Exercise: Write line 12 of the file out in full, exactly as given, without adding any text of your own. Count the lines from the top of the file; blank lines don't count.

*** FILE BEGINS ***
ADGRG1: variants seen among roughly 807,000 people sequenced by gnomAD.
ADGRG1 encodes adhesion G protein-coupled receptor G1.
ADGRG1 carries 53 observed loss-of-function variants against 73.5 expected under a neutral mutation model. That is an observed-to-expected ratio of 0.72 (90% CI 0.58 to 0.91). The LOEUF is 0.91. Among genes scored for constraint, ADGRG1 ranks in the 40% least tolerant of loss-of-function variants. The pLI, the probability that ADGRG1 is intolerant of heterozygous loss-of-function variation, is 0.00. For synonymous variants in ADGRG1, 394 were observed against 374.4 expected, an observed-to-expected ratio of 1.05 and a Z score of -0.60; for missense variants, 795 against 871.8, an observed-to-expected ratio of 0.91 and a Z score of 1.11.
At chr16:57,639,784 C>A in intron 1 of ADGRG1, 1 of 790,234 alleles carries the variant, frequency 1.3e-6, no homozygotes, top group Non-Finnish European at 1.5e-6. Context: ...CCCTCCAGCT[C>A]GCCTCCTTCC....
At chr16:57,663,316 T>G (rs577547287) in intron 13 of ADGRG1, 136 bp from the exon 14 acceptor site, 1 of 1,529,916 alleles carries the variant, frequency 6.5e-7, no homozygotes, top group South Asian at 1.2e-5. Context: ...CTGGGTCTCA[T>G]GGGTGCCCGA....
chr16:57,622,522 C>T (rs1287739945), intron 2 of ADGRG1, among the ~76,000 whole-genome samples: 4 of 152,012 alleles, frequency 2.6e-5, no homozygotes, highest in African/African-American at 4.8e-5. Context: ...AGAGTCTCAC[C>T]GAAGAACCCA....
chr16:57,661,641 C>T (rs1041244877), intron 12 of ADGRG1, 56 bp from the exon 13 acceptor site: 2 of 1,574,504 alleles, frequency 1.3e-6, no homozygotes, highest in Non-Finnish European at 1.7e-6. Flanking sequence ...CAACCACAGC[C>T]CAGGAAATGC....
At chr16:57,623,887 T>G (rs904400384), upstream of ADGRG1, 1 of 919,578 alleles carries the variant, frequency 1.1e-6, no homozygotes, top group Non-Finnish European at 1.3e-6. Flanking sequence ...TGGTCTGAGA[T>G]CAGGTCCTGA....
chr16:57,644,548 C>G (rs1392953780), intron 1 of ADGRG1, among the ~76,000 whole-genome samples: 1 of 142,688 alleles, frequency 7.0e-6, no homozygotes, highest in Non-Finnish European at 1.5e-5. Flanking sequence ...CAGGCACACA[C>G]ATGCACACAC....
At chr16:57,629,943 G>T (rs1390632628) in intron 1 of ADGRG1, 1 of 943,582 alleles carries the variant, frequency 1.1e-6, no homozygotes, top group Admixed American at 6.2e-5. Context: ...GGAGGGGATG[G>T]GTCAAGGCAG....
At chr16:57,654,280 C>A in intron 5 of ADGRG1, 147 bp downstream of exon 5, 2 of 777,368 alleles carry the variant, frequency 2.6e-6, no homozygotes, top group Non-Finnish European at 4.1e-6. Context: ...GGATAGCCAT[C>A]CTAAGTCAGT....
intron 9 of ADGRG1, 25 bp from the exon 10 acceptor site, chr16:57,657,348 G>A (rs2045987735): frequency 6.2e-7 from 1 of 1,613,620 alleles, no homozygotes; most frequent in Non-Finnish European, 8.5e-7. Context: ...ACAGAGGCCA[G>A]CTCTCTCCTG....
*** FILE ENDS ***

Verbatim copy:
intron 9 of ADGRG1, 25 bp from the exon 10 acceptor site, chr16:57,657,348 G>A (rs2045987735): frequency 6.2e-7 from 1 of 1,613,620 alleles, no homozygotes; most frequent in Non-Finnish European, 8.5e-7. Context: ...ACAGAGGCCA[G>A]CTCTCTCCTG....